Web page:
Giant Layered Lamington Cake




Introduction: Giant Layered Lamington Cake

About: I'm just your average old Joe who enjoys creating things of all shapes and sizes!

I was brainstorming ideas for my partners birthday cake when I came up with this - he absolutely loves lamingtons and I originally thought of making a regular batch of lamingtons and towering them up high, but I wanted to be a little more creative. Then I thought why not try making it on a large scale! It turned out great! I baked two batches of my regular leamington mixture, cut both in half and layered them on top of each other with jam and cream. Delicious!

It may look complicated but my simple 1 bowl sponge mix makes it super easy!

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Step 1: Gather the Ingredients

Cake ingredients:

(!!***you will need to double this amount as you need to make two batches, the following ingredients is just for one batch***!!)

  • 2 eggs
  • 1 cup caster sugar/white sugar
  • 125g melted butter
  • 1 1/2 cup self raising flour
  • 3/4 cup milk

Icing ingredients:

  • 3 cups icing sugar
  • 1/4 cup cocoa
  • 4-6 tbls milk (approximately)
  • approx. 1 1/4 cup coconut
  • 300ml cream
  • 1/2 jar strawberry jam

Step 2: Preheat Oven and Prepare Pan

Now I’ll make note of this now to avoid confusion - I only own one square baking pan so I prepare and bake one batch at a time and then when the first is done, I prepare and bake the other. Life would be so much easier if I had a second pan but I have been lazy in purchasing one… So if you have two pans the same size feel free to make both at once.

  • Prepare a 20cm square baking pan by covering it with baking paper or greasing it with butter (I personally prefer using baking paper instead of greasing to avoid so much washing, but feel free to grease, it will turn out just as great!).
  • Preheat oven to 180C (fan forced).

Step 3: Prepare the Mixture

  • Place all cake ingredients in the bowl. The flour does not need to be sifted and the eggs do not have to be beaten - as I said, super easy!
  • Use the electric beaters to mix in the flour slightly (while not turned on). It doesn’t have to be mixed thoroughly, it is simply to avoid the potential of ending up with a cloud of flour when you turn on the beaters! Beat the mixture on medium for approximately 1 minute or until mixture has thickened slightly and leaves marks when the beaters are moved. If there is a build up of flour on the sides of the bowl, scrape down and give another quick beat to combine.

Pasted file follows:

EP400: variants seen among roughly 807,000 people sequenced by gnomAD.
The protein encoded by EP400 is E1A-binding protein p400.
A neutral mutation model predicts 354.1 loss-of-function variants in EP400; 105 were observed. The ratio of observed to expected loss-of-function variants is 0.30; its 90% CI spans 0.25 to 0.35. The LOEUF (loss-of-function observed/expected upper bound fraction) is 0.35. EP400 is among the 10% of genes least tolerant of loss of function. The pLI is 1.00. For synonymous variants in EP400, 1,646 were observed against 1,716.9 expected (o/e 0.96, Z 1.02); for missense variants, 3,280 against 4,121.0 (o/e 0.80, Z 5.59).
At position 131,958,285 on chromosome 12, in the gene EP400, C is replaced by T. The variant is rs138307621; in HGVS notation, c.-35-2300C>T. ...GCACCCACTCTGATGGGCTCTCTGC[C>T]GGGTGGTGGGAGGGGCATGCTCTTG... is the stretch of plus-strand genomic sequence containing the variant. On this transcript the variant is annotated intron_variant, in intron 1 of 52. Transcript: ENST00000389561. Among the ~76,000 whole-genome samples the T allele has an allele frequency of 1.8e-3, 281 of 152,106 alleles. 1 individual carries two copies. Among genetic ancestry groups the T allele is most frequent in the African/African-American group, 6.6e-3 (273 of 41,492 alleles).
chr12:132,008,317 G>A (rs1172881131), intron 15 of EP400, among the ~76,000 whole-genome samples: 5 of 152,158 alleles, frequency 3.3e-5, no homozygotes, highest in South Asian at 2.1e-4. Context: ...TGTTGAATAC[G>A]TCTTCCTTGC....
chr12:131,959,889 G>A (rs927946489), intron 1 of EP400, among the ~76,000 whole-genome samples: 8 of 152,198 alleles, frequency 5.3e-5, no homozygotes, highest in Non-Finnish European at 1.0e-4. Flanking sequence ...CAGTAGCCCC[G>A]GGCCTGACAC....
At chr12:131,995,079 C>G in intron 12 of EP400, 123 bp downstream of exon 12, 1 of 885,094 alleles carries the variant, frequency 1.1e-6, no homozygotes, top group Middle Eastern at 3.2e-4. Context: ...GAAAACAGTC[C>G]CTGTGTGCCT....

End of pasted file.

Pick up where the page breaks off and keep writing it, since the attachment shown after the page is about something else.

Step 4: Baking Time!

  • Pour mixture in to the prepared pan and bake for 35mins. The cake is cooked when a knife or skewer inserted comes out clean.
  • Let cool slightly in the pan, then put onto a baking tray to cool completely.
  • While the first cake is cooling, prepare the second. Follow step 3 exactly the same.

NOTE: Remember, I only made one cake at a time, but if you have two pans, prepare and bake both to save time.

Step 5: Prepare the Icing

  • Combine icing sugar, cocoa and 4 tablespoons of milk in a bowl. You want to get a very thick icing, so only add enough milk to combine everything. I added extra milk 1/2 tablespoon at a time so I didn't make it too runny.

Step 6: Prepare for Layering

  • Once both cakes are cooled completely, remove the baking paper and place base side down on separate chopping boards or a clean work surface.
  • Slice off all sides of both cakes (I forgot to do this step here, so I haven't attached photos in this section. In Step 7: Jam and cream, you will see what the result should be)
  • Slice off the top of both cakes to make a flat top. Do this by holding the top of the cake with one hand, grab a large knife and run horizontally across the cake. Start in one corner and work your way across. This is to make sure the end cake turns out nice and square. (It may seem like you are cutting off a lot but these extra bits freeze well to be used for sneaky snacks in the future!)